We also considered whether plutonium-238 in Miamisburg's municipal water would have been a health hazard during 1967, when releases of plutonium-238 in water from the Mound facility were highest. Plutonium-238 releases in water in 1967 were about 16 times higher than those in 1971. We estimated that a person using Miamisburg's water for all purposes in 1967 would have received, at the most, no more than approximately 6 mrem. This dose includes contributions from plutonium-238, polonium-210, and hydrogen-3. This amount of radiation does not pose a health hazard.

We conclude, therefore, that plutonium-238 in the area waterways has never been a public health hazard.

Other Radionuclides

Mound scientists began studying a large variety of radioisotopes besides polonium-210, plutonium-238, and hydrogen-3 during the 1950s. These radioisotopes included actinium-227, radium-226, thorium-230, and protactinium-231 [2]. Many of these radioisotopes were used in smaller quantities (laboratory scale) than polonium-210, plutonium-238, and hydrogen-3. Wastes generated from these Mound programs were recycled or contained for off-site shipment, and there are fewer environmental data available for them than for polonium-210, plutonium-238, and hydrogen-3. Many of these radioisotopes were (and are) quite valuable and in some cases, recovery of these isotopes for resale was the purpose of the program. Neither the records of releases and spills nor the more recent characterization of the off-site soils and water indicate that these radioisotopes were ever a public health hazard [4, 11, 15, 16, 17].

Mound officials began publishing the concentrations of plutonium-239 in on-site and off-site air samples with the 1975 annual environmental data and concentrations of uranium-233, -234, and 238 in surface water with 1978 data. They later expanded monitoring programs for each of these radionuclides. The data for plutonium-239 and the uranium isotopes indicate that the levels of these radionuclides in the environment have always been very low and that they have never been a public health hazard.


  1. US Department of Energy, Albuquerque Field Office, Environmental Restoration Program. Remedial investigation/feasibility study, Operable Unit 9, site-wide work plan, field sampling plan, Mound Plant, Miamisburg, Ohio. Volume I, work plan text (sections 1-15). Final;1992 May.

  2. US Department of Energy, Albuquerque Operations Office, Environmental Restoration Program. Operable Unit 9, site scoping report volume 7- waste management report, Mound Plant, Miamisburg, Ohio. Draft Revision 0;1991 Nov.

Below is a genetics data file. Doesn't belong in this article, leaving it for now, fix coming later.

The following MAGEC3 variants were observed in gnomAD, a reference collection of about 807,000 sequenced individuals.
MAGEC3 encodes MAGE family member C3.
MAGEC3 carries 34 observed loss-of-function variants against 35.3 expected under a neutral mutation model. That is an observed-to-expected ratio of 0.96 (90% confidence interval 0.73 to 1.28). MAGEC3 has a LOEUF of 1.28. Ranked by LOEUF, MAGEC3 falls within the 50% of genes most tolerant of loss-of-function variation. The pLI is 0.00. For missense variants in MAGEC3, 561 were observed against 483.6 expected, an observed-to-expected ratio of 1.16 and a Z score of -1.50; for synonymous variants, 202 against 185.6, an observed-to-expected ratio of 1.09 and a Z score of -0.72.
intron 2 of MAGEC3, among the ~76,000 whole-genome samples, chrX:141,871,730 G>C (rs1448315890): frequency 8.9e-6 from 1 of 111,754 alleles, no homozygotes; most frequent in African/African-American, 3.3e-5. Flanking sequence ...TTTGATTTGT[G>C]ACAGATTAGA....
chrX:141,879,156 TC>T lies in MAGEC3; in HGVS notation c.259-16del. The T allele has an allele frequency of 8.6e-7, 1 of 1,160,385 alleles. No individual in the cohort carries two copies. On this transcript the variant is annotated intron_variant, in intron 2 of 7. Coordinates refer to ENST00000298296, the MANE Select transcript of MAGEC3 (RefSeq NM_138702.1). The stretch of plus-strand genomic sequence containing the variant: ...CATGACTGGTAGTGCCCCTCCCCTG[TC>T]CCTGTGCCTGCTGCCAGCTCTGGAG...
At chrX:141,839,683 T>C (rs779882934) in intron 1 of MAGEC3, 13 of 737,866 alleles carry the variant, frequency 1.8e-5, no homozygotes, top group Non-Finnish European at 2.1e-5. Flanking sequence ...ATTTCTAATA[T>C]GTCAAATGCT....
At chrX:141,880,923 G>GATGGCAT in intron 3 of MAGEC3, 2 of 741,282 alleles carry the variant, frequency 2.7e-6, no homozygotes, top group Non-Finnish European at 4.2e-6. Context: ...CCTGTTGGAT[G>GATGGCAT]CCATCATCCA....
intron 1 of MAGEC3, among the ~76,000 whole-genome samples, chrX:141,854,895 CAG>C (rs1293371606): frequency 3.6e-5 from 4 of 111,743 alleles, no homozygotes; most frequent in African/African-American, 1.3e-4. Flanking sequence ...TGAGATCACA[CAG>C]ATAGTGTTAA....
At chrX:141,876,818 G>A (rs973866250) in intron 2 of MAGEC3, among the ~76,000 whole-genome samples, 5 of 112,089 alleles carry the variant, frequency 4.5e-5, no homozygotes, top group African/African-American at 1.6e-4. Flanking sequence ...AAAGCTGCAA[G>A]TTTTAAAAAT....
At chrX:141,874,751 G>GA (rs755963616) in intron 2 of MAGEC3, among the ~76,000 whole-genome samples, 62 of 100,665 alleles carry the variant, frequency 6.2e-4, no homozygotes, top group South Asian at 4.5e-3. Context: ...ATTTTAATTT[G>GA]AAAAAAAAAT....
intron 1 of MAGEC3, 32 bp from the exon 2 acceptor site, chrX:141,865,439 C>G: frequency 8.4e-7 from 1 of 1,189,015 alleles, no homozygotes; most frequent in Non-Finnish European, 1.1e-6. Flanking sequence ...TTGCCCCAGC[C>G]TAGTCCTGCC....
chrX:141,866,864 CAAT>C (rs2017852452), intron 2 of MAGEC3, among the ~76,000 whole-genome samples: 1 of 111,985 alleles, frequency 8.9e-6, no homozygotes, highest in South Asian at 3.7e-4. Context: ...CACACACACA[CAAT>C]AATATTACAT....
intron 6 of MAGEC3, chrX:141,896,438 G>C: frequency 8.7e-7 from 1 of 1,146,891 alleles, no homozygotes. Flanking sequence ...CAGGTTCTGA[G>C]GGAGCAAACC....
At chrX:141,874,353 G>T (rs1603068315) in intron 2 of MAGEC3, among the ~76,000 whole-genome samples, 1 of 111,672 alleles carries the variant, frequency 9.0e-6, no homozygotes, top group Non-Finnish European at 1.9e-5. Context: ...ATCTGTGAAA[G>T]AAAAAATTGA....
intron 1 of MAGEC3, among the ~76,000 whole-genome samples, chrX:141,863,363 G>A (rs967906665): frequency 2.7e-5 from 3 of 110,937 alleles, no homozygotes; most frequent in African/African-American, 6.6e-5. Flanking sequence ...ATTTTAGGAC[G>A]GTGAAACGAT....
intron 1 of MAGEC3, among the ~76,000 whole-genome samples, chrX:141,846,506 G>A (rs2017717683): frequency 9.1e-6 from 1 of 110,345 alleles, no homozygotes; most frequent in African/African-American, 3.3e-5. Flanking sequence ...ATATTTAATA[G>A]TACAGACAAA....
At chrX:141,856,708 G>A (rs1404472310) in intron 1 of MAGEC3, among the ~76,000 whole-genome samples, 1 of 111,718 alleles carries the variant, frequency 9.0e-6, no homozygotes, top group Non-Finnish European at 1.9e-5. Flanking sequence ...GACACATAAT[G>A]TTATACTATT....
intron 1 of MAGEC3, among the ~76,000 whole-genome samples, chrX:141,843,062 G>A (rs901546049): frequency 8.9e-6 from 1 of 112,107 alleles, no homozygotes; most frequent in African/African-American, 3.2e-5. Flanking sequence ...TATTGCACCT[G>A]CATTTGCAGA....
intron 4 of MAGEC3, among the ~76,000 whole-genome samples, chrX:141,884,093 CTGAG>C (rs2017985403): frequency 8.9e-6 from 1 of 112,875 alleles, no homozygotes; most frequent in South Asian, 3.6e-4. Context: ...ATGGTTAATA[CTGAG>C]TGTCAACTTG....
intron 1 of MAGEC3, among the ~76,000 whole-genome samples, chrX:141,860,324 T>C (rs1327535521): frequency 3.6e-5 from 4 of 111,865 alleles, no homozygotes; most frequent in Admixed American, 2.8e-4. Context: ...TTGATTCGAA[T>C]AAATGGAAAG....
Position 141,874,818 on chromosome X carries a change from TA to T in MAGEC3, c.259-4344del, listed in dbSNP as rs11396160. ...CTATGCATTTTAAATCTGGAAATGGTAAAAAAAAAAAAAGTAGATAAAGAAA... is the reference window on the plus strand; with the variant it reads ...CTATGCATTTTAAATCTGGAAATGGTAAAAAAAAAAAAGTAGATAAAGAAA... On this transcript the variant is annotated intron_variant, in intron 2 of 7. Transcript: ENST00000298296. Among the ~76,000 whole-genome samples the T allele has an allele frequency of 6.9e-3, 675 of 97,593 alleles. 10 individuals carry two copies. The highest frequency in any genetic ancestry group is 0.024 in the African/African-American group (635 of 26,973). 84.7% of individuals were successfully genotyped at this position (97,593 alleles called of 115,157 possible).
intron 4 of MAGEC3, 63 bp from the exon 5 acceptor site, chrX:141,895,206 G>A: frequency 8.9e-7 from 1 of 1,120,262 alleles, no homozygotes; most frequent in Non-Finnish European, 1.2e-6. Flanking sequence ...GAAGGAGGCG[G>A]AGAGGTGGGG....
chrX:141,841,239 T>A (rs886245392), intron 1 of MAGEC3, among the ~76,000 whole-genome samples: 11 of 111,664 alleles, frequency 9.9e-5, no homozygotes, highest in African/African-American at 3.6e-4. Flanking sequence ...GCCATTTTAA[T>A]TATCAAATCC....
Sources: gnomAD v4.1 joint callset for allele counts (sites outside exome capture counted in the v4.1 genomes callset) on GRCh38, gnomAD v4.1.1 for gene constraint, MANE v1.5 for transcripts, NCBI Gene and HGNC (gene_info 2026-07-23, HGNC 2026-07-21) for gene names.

3. EG&G Mound Applied Technologies, Environmental Technology & Monitoring Section. Mound site environmental report for calendar year 1994. US Department of Energy. MLM-3814;1995 May.

  4. US Department of Energy, Albuquerque Operations Office, Environmental Restoration Program. Operable Unit 9, site scoping report volume 11- spills and response actions, Mound Plant, Miamisburg, Ohio. Draft final revision 0;1992 Jan.

  5. U.S. Environmental Protection Agency. AIRDOS-EPA: A computerized methodology for estimating environmental concentrations and dose to man from airborne releases of radionuclides, EPA 520/1-79-009, 1979 Dec.

  6. U.S. Environmental Protection Agency. User's guide for CAP88-PC, Version 1.0, EPA 402-B-92-001, 1992 Mar.

  7. Department of Energy. A method for calculating radiation doses from radioactivity released to the environment, Oak Ridge National Laboratory, Oak Ridge, Tennessee, ORNL-4992, 1976.

  8. International Commission on Radiological Protection. Radiation protection. ICRP Publication 26. Pergamon Press, Oxford, England, 1977 Jan.

  9. International Commission on Radiological Protection. Radiation protection. ICRP Publication 30, Part I, Limits for intakes of radionuclides by workers, A report of Committee 2 of the ICRP. Pergamon Press, Oxford, England 1978 Jul.

  10. Farmer BM, Carfagno DG. Stability of plutonium contaminated sediments in the Miami-Erie Canal. Mound Facility, Monsanto Research Corporation, US Department of Energy. MLM-2483 UC-11;1978 Mar 1.

  11. EG&G Mound Applied Technologies, Environmental Restoration Program. Operable Unit 9, Regional soils investigation report, Mound Plant, Miamisburg, Ohio. US Department of Energy. Revision 0;1995 Mar.

  12. Adams PC, Meyer HE. Environmental monitoring report: July - December, 1964 and 1964 summary. Monsanto Research Corporation, Mound Laboratory, US Atomic Energy Commission. MLM-1241; 1964 Dec 31, Issued 1965 Mar 26.

  13. Adams PC, Meyer HE. Environmental monitoring report: January - June, 1965. Monsanto Research Corporation, Mound Laboratory, US Atomic Energy Commission. MLM-1275; 1965 Jul 16.

  14. Westendorf WH. Environmental control program, monthly report. Monsanto Research Corporation. September 22, 1971. (August 1971 report)

  15. EG&G Mound Applied Technologies, Environmental Restoration Program. Residential, municipal, and industrial well investigation, Operable Unit 9, Mound Plant, Miamisburg, Ohio. US Department of Energy. Technical report, revision 0;1995 Apr.

  16. US Department of Energy. Operable Unit 9 Surface Water and Sediment Investigation Report, Mound Plant, Miamisburg, Ohio, Technical Memorandum revision 0, April 1996.

  17. Agency for Toxic Substances and Disease Registry. ATSDR and NAREL environmental data tables. Cover letter to Mr. Arthur W. Kleinrath, DOE, 1996 Feb 22.

1. The soil does not provide a record for polonium-210 releases either, because this radionuclide has a 138.4-day half-life. All the polonium-210 released in the 1950s has decayed and is long gone from Mound and Miamisburg area soils. Plutonium-238, on the other hand, has an 87.7-year half-life, and more than half of it released in 1960 should still be in area soils.